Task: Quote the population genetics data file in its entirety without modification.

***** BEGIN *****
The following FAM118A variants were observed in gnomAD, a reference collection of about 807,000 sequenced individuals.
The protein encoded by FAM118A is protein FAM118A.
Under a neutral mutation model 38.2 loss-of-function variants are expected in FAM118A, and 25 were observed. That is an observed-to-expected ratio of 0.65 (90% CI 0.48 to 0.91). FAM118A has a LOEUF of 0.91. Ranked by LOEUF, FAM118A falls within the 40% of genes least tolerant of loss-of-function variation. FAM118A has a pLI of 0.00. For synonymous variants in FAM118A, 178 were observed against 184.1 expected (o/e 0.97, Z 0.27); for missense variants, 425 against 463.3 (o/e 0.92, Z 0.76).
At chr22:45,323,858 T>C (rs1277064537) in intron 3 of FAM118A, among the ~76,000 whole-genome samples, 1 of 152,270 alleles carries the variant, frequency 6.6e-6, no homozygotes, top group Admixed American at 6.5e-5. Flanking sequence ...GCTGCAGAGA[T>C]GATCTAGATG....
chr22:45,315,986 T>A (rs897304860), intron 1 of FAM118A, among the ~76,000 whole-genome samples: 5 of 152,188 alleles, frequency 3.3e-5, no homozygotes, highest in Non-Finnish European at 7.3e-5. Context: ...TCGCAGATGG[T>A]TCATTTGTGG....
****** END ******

The following FAM118A variants were observed in gnomAD, a reference collection of about 807,000 sequenced individuals.
The protein encoded by FAM118A is protein FAM118A.
Under a neutral mutation model 38.2 loss-of-function variants are expected in FAM118A, and 25 were observed. That is an observed-to-expected ratio of 0.65 (90% CI 0.48 to 0.91). FAM118A has a LOEUF of 0.91. Ranked by LOEUF, FAM118A falls within the 40% of genes least tolerant of loss-of-function variation. FAM118A has a pLI of 0.00. For synonymous variants in FAM118A, 178 were observed against 184.1 expected (o/e 0.97, Z 0.27); for missense variants, 425 against 463.3 (o/e 0.92, Z 0.76).
At chr22:45,323,858 T>C (rs1277064537) in intron 3 of FAM118A, among the ~76,000 whole-genome samples, 1 of 152,270 alleles carries the variant, frequency 6.6e-6, no homozygotes, top group Admixed American at 6.5e-5. Flanking sequence ...GCTGCAGAGA[T>C]GATCTAGATG....
chr22:45,315,986 T>A (rs897304860), intron 1 of FAM118A, among the ~76,000 whole-genome samples: 5 of 152,188 alleles, frequency 3.3e-5, no homozygotes, highest in Non-Finnish European at 7.3e-5. Context: ...TCGCAGATGG[T>A]TCATTTGTGG....